Monday, December 13, 2010
Washington regulators are stifling fresh investment and discouraging innovation through new rules and requirements."
However, his proposal, that federal agencies eliminate one regulation for every newly issued regulation, would do close to nothing to improve the situation.
Leaving aside that Washington never gets rid of old laws, it isn't the absolute number of regulations that is causing businesses to sit on their hands, it is the fear that Washington will change the rules governing the activities they're now doing.
Businesses (or, more accurately, the people who own and manage businesses) don't just evaluate the economy when deciding whether to hire and expand, they also look at the regulatory and legal environment. And just as very few businesses want to expand right before an economic downturn, businesses are scared off expanding when they're constantly in danger of being hit with new - and expensive - rules.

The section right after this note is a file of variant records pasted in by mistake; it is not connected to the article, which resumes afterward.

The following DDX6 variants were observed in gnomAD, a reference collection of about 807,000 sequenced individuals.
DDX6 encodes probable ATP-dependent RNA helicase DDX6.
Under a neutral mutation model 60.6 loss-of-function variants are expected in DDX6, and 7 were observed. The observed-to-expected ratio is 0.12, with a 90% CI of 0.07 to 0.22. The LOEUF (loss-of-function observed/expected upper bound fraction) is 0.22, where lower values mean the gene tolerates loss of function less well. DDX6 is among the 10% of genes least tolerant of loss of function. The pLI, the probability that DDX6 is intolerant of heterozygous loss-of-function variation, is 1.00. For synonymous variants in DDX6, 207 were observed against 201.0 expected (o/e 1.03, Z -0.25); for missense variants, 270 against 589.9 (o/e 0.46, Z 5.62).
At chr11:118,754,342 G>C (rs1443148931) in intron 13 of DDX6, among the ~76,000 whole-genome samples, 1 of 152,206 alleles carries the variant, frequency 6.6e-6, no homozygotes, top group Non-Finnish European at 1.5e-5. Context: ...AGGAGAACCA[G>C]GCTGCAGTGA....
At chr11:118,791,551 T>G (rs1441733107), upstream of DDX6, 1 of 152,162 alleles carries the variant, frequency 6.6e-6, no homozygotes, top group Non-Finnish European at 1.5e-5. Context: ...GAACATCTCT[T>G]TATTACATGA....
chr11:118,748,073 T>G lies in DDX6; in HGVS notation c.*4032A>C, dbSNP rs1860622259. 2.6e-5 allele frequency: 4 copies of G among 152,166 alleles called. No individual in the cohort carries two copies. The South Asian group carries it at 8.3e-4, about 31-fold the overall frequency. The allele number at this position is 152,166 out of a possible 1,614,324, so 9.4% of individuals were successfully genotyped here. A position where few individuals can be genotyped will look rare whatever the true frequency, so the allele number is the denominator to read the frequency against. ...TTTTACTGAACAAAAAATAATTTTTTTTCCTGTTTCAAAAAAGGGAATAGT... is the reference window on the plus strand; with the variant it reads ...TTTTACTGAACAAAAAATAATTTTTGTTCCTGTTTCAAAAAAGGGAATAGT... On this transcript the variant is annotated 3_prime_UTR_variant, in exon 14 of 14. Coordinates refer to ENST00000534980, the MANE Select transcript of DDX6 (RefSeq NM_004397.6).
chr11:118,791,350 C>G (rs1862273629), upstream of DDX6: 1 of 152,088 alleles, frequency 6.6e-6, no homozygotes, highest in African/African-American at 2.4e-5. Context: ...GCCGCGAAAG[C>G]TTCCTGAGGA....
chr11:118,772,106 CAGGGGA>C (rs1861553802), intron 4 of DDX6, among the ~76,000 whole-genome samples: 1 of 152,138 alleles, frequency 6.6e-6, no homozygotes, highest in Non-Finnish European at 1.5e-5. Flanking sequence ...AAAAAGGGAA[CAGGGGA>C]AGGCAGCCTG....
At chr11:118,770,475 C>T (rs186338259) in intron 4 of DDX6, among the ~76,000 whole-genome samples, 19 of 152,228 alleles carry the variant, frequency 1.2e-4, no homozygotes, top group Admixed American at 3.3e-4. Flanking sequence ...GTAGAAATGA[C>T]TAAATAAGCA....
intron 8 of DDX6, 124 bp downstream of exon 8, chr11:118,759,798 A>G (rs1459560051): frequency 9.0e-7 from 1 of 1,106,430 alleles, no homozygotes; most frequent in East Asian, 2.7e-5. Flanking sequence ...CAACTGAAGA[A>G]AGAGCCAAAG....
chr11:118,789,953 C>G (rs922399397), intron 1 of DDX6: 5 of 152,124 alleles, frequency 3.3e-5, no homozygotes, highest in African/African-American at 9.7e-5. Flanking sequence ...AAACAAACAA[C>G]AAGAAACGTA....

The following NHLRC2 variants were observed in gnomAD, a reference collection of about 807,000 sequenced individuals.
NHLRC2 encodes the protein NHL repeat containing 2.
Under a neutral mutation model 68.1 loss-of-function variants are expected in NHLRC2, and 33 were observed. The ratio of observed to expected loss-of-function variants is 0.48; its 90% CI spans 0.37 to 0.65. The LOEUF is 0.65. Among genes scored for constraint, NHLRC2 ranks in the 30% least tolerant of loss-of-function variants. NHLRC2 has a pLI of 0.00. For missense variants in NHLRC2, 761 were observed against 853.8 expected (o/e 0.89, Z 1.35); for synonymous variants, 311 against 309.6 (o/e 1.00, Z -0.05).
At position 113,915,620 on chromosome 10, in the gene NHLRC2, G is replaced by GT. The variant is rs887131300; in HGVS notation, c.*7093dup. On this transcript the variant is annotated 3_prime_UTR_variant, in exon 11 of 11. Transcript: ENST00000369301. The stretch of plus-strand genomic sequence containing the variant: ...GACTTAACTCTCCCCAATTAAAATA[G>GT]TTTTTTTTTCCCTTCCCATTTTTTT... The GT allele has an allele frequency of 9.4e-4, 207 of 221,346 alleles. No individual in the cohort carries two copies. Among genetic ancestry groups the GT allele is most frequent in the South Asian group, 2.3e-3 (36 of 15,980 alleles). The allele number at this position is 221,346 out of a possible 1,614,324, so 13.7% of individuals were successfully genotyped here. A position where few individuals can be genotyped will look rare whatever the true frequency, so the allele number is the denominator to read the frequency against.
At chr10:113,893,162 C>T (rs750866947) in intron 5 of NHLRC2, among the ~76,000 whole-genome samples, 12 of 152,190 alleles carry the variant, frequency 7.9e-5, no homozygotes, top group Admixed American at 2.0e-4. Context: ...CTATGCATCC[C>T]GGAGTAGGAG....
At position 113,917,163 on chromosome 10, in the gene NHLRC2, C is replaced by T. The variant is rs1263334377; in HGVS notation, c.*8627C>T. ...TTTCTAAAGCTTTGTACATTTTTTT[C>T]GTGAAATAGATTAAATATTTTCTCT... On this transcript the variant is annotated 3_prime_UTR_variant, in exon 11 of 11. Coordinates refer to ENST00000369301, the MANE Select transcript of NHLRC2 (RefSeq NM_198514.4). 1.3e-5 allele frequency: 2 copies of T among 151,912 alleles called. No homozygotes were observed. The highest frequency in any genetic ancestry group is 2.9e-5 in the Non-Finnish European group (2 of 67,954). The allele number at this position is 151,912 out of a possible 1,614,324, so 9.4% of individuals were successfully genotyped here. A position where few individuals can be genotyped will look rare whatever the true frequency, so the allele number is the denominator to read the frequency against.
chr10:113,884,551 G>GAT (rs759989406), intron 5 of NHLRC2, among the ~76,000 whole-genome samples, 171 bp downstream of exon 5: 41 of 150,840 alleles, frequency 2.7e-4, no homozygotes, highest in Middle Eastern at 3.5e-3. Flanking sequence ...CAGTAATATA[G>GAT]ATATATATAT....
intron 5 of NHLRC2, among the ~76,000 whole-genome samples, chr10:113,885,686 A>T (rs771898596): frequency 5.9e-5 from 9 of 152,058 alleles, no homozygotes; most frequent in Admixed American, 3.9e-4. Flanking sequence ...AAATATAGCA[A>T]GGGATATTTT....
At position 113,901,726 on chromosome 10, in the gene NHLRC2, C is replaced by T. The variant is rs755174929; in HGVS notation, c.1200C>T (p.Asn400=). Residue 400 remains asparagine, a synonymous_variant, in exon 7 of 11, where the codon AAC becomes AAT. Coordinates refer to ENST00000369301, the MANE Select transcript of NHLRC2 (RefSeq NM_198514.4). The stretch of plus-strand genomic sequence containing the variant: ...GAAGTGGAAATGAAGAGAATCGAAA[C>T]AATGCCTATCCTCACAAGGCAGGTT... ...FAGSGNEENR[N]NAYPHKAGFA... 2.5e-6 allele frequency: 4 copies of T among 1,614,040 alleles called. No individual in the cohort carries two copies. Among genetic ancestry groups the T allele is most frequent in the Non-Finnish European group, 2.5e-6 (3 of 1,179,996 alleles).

Take, for example, a business that is thinking about hiring some new workers. As part of their planning, they look at the cost of the benefits that each newly hired worker will receive. How are they supposed to do that if Washington is threatening to issue new laws that increase the costs of those benefits? Or with Washington to impose new rules governing financial transactions?
If Mark Warner wanted to give businesses some peace of mind, he'd propose a moratorium on Washington issuing new regulations.